A Woodland History

Two That Shaped The Woodland

We have two people to thank for how the Great Central Woodland looks today; Sir Edward Watkin and Peter Gascoigne. This is how they shaped the centre of our village.

Before the arrival of the railway, the area now known as Great Central Woodland was open farmland beside the River Cherwell. The Ordnance Survey map of 1882 shows a field boundary running along the line of what would later become “The Bank” and a trackway following what is now Phipps Road. Apart from that, the land was just fields that separated the two communities of Woodford Halse and Hinton.

Sir Edward Watkin

The arrival of the Great Central Railway at Woodford was part of the ambitious dream of Sir Edward Watkin. He imagined a fast railway connection from Manchester through to London and on through a tunnel under the Channel to Europe. With its station, freight yard, locomotive shed and wagon shop, Woodford Halse was to become an important part of the railway system. As a result of Watkins’ vision, the Great Central was built to Continental loading gauge standards and ran some of the fastest scheduled rail services in the UK.

In 1895, 500 men working for T. Oliver & Son arrived in the parish and began working on the construction of what is now known as “The Bank”. The first trains began running over the line through Woodford in 1897. On the 5th March 1899 the first passenger trains stopped at Woodford and Hinton station.

Plan of Woodford Halse Station and the “Old Yard” showing the many sidings that once occupied “the Bank”. (Original plan courtesy of John Rose)

The station was outside the area that is now part of the Great Central Woodland, to the south of Hinton Road but the bank, where there are trees today, held the original marshalling yards. Later known as the “old yards”, there were over 30 tracks across the width of the bank, floodlit at night, able to accommodate over 1200 wagons waiting to be organised into trains for destinations across the rail network.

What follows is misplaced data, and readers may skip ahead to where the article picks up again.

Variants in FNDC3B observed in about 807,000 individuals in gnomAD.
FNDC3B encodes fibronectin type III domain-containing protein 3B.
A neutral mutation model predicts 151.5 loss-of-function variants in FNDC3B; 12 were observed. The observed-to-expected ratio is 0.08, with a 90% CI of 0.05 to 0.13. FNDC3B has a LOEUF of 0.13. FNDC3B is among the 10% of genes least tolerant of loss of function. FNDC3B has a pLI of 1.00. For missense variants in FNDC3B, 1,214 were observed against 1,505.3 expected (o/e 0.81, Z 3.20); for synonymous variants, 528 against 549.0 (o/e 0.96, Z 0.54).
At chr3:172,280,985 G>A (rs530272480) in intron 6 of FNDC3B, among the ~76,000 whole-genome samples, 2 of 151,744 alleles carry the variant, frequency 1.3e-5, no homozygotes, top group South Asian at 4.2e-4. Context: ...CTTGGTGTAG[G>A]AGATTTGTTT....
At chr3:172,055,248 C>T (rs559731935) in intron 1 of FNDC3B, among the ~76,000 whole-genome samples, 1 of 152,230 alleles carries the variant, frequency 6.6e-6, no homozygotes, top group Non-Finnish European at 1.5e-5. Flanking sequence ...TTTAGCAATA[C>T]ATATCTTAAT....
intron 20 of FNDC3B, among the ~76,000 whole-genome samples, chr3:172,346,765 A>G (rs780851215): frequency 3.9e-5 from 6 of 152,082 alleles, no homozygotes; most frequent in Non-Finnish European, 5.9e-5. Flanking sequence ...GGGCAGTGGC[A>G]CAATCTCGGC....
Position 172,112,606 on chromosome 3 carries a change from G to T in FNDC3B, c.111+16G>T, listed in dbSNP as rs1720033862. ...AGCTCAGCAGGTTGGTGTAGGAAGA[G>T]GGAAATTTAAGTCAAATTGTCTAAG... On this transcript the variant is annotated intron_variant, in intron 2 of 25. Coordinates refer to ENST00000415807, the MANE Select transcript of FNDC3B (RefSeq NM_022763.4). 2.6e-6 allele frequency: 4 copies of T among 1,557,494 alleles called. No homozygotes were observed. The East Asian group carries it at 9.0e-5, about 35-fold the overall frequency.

Woodford “old yard” looking south across the Byfield Road, circa 1900.

In 1941 more sidings – the “new yards” – opened to the north of the Byfield Road, more than doubling Woodford’s capacity to 3250 wagons. Today it is hard to imagine how busy the Woodford goods yards and station were but between 1942 and 1951 the yards handled an average of almost 1 million wagon movements a year, 3000 trucks a day and 175 trains passing through, every 24 hours. The Annseley / Woodford “runners” ( freight trains) were reputed to be the fastest, most efficient, loose-coupled, freight service in the world. The newspaper and passenger train from Marylebone to Woodford could cover the 66.4 miles in 66 minutes, including two stops en route to the North!

With the station and its goods yard and cattle dock to the south and the locomotive and wagon works and the new yards to the north, the whole railway complex around Woodford stretched for about 3 miles. Around 500 staff were employed working in the yards and the locomotive depot and wagon works, not including the station staff and in the station refreshment room (which also sold beer), signalmen, the permanent way gangs maintaining the tracks, and office staff.